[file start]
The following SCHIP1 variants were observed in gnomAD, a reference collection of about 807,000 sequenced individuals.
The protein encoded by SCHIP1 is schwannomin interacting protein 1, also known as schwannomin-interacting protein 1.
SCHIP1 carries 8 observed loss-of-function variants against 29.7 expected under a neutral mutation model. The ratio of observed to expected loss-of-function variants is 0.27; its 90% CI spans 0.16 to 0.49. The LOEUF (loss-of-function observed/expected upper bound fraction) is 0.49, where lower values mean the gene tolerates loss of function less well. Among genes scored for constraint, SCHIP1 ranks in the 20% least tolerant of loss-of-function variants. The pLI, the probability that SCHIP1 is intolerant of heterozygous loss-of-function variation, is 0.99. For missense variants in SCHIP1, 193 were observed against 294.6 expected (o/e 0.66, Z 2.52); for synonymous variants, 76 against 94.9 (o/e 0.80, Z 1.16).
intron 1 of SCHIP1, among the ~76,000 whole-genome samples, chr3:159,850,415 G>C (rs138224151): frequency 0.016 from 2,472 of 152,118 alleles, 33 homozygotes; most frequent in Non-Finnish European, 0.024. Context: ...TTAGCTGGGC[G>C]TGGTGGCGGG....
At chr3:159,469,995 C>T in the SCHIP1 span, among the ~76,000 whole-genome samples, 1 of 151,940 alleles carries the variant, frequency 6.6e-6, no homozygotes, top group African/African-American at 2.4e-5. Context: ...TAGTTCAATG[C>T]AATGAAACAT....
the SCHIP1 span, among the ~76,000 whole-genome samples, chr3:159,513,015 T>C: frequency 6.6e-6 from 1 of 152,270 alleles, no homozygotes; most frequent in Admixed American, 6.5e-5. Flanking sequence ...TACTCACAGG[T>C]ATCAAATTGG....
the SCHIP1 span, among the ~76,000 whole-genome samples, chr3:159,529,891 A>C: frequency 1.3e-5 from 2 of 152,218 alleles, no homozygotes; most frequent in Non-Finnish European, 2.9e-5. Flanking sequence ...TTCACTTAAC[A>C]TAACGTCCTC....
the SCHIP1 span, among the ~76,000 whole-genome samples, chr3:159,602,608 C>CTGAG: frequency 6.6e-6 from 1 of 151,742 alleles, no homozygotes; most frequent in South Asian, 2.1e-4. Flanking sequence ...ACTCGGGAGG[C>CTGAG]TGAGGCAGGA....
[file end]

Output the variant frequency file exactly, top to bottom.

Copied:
The following SCHIP1 variants were observed in gnomAD, a reference collection of about 807,000 sequenced individuals.
The protein encoded by SCHIP1 is schwannomin interacting protein 1, also known as schwannomin-interacting protein 1.
SCHIP1 carries 8 observed loss-of-function variants against 29.7 expected under a neutral mutation model. The ratio of observed to expected loss-of-function variants is 0.27; its 90% CI spans 0.16 to 0.49. The LOEUF (loss-of-function observed/expected upper bound fraction) is 0.49, where lower values mean the gene tolerates loss of function less well. Among genes scored for constraint, SCHIP1 ranks in the 20% least tolerant of loss-of-function variants. The pLI, the probability that SCHIP1 is intolerant of heterozygous loss-of-function variation, is 0.99. For missense variants in SCHIP1, 193 were observed against 294.6 expected (o/e 0.66, Z 2.52); for synonymous variants, 76 against 94.9 (o/e 0.80, Z 1.16).
intron 1 of SCHIP1, among the ~76,000 whole-genome samples, chr3:159,850,415 G>C (rs138224151): frequency 0.016 from 2,472 of 152,118 alleles, 33 homozygotes; most frequent in Non-Finnish European, 0.024. Context: ...TTAGCTGGGC[G>C]TGGTGGCGGG....
At chr3:159,469,995 C>T in the SCHIP1 span, among the ~76,000 whole-genome samples, 1 of 151,940 alleles carries the variant, frequency 6.6e-6, no homozygotes, top group African/African-American at 2.4e-5. Context: ...TAGTTCAATG[C>T]AATGAAACAT....
the SCHIP1 span, among the ~76,000 whole-genome samples, chr3:159,513,015 T>C: frequency 6.6e-6 from 1 of 152,270 alleles, no homozygotes; most frequent in Admixed American, 6.5e-5. Flanking sequence ...TACTCACAGG[T>C]ATCAAATTGG....
the SCHIP1 span, among the ~76,000 whole-genome samples, chr3:159,529,891 A>C: frequency 1.3e-5 from 2 of 152,218 alleles, no homozygotes; most frequent in Non-Finnish European, 2.9e-5. Flanking sequence ...TTCACTTAAC[A>C]TAACGTCCTC....
the SCHIP1 span, among the ~76,000 whole-genome samples, chr3:159,602,608 C>CTGAG: frequency 6.6e-6 from 1 of 151,742 alleles, no homozygotes; most frequent in South Asian, 2.1e-4. Flanking sequence ...ACTCGGGAGG[C>CTGAG]TGAGGCAGGA....